Back to school means back to worrying
Christians must do more than pray about the threat of school violence.
By Kristopher Aaron
That groan you hear comes from millions of students and their teachers as summer comes to a close and a new school year begins. As final preparations for the new school year are made, students make sure that they have all they need and worry about making new friends.
Teachers stock up on school supplies as well and worry if their rooms are properly decorated. Unfortunately, there is something else that worries teachers and students alike: school violence.
In just the past few weeks there have been two such incidents. The first occurred at Ronald E. McNair Discovery Learning Academy in Decatur, Ga. At McNair, Michael Brandon Hill walked in with an AK-47-type assault rifle and nearly 500 rounds of ammunition.
Thankfully, no one was hurt and that is in large part to the heroic efforts of Antoinette Tuff. While Tuff has been rightfully lauded for her efforts, other details of the story have been largely ignored.
Michael Hill’s brother, Timothy Hill, told news reporters that his brother suffers from both bipolar disorder and ADD. A sheriff’s official in Henry County, Ga., also stated that Hill was charged with making terroristic threats back in March, a felony in Georgia. Hill pleaded guilty and was sentenced to three years of probation and counseling.
How did a convicted felon with known mental illness acquire a weapon and that much ammunition?
The second incident occurred just days later in Memphis, Tenn., where a kindergarten student accidentally fired a handgun in his elementary school cafeteria. The student is 5 years old.
According to school officials, the boy brought the gun to school in his backpack and it accidentally discharged once while inside it. Students were waiting for the opening bell in the cafeteria when it occurred.
How did a 5-year-old get a gun?
Citing the Children’s Defense Fund, Centers for Disease Control and Department of Defense, NBC News reported that nearly three times more kids (15,576) were injured by firearms in 2010 than the number of U.S. soldiers (5,247) wounded in action that year in the war in Afghanistan.
In a 2011 nationally representative sample of high school students, the CDC reported that 5.4 percent of students reported carrying a weapon (gun, knife or club) on school property on one or more days in the 30 days preceding the survey, and 5.9 percent of students did not go to school on one or more days in the 30 days preceding the survey because they felt unsafe at school or on their way to or from school.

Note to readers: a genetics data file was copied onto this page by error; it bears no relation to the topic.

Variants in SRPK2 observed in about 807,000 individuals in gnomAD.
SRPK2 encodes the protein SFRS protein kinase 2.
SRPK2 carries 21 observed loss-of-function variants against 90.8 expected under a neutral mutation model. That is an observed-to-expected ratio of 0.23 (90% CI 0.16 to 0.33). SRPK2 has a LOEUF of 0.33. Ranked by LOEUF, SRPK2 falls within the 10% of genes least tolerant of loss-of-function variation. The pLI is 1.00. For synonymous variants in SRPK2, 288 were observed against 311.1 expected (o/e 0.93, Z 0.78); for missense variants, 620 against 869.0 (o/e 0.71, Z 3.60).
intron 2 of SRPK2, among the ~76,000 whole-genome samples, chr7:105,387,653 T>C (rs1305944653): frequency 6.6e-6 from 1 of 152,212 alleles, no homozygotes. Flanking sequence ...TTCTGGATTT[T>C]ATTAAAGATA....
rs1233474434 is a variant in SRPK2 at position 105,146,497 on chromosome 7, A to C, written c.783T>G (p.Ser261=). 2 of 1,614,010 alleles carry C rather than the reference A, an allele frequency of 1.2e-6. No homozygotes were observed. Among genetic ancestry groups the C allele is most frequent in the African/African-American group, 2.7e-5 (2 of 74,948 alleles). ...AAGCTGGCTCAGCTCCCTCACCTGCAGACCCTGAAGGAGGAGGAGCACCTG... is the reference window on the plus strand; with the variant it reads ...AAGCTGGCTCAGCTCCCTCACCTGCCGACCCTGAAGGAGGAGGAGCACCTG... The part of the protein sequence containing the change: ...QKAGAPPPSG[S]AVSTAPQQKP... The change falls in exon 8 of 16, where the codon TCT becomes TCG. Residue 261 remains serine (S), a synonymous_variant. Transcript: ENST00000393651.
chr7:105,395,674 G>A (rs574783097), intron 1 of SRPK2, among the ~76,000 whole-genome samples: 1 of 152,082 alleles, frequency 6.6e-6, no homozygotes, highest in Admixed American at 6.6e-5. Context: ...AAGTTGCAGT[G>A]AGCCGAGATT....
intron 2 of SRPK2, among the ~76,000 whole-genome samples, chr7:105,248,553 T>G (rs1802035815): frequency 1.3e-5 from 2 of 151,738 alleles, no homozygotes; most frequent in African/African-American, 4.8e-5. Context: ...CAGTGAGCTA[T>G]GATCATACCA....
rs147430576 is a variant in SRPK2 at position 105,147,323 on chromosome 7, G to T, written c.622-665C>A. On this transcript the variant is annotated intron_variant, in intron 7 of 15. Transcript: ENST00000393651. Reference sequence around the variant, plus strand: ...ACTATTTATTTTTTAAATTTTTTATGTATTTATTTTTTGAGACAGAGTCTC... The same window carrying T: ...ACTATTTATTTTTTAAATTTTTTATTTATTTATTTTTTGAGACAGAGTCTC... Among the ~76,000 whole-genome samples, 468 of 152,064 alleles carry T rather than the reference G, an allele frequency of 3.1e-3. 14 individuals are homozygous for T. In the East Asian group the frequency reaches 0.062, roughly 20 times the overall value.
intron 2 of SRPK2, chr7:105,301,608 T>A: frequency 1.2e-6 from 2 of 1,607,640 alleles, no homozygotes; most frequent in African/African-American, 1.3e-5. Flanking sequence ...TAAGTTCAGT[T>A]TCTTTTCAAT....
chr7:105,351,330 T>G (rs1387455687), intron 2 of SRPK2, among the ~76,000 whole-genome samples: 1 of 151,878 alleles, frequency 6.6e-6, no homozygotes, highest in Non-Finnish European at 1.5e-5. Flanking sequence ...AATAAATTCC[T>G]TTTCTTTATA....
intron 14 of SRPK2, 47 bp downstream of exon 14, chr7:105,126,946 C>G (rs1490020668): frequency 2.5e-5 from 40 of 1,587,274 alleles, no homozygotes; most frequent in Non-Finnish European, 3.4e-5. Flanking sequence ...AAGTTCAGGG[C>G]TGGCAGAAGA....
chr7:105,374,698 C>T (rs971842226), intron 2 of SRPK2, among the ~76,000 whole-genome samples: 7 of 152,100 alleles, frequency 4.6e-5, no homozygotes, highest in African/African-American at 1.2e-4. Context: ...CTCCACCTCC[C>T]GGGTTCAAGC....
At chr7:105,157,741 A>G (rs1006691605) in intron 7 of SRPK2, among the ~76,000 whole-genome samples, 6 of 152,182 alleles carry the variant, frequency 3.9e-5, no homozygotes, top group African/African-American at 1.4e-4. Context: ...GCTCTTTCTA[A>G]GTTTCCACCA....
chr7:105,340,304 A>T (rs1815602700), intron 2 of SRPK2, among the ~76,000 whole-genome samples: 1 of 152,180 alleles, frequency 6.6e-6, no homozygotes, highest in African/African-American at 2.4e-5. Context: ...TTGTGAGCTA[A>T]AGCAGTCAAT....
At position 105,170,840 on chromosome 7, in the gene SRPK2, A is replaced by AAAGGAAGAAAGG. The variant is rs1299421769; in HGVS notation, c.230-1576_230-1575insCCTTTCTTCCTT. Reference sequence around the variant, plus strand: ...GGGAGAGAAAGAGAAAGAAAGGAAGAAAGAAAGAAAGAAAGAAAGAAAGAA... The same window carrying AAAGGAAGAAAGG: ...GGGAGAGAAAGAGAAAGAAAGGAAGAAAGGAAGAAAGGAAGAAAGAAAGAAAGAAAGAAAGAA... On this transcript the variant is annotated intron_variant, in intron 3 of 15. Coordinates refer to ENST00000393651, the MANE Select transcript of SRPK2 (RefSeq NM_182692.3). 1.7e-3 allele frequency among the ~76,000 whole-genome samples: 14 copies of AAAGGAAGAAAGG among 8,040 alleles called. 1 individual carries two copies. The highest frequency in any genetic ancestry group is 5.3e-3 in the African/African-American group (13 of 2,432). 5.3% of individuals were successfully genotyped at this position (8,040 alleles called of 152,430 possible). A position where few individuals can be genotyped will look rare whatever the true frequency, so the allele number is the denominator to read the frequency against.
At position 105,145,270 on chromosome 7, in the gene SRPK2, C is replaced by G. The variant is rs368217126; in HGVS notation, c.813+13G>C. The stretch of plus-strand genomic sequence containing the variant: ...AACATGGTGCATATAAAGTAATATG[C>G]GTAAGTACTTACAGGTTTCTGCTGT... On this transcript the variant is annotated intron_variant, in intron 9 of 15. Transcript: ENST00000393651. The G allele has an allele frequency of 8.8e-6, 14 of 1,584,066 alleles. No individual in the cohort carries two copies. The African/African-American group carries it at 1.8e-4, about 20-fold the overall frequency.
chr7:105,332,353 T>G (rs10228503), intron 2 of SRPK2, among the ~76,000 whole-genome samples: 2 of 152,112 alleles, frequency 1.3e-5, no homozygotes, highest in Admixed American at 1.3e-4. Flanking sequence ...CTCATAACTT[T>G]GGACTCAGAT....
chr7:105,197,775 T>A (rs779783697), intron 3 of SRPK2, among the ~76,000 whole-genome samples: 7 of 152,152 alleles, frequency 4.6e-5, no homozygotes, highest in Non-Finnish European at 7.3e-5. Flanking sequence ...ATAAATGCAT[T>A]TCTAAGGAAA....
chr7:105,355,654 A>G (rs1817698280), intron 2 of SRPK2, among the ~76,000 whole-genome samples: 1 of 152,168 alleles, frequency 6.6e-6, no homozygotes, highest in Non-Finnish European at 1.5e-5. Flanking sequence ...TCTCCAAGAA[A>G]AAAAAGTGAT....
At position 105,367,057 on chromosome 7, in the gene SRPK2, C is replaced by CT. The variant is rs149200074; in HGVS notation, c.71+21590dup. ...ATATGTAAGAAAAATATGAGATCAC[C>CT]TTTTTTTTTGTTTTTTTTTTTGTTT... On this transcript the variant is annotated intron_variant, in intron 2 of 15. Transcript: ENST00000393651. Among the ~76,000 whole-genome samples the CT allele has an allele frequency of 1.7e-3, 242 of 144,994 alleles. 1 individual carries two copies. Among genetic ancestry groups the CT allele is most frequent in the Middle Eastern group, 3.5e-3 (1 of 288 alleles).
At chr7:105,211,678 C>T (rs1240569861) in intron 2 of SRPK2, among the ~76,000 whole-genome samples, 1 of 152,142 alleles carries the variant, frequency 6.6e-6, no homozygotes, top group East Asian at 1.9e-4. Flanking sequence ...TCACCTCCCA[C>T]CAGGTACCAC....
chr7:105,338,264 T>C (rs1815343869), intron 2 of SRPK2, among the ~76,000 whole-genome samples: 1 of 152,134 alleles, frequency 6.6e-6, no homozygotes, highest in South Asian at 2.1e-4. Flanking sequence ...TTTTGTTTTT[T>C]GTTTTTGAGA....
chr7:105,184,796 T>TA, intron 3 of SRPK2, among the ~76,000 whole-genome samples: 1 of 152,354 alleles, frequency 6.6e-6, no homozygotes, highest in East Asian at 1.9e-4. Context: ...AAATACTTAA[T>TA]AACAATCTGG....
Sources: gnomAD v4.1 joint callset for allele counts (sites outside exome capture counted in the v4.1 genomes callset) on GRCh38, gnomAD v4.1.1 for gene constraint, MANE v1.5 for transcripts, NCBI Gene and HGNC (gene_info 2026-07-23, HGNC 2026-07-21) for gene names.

We have a problem. Our obsession with guns and violence has affected our societal soul. In a country that many purport to be Christian, we have ignored Jesus’ words on peacemaking and forgotten that the early church was known for its commitment to pacifism.
People may debate the merits of pacifism, just-war theory and just peacemaking, but no one can deny that we in the United States prefer our “peace” to come through violent means. We have a problem, and we as Christians must do something about it.
We must hold our elected officials accountable for sensible laws that address both gun control and mental illness.
We must resist the temptation to make our schools into fortresses and instead do the hard work to make such action unneeded.
We must remember that it is as much a part of our Christian duty to tell people about Jesus as it is to make the world more like the kind of place Jesus would want to come back to.
Millions of parents, fearful of the threat of school violence, pray every day that their children will return home safe from school. Fearful of the threat of school violence, I pray every day that my wife, a teacher, returns home safe from school. I pray for the safety of our church’s youth and college students.
God covets our prayers, but we must do more than pray. It is time for action. The school year has just started. May there not be more dead children and teachers before we do something.
OPINION: Views expressed in ABPnews/Herald columns and commentaries are solely those of the authors.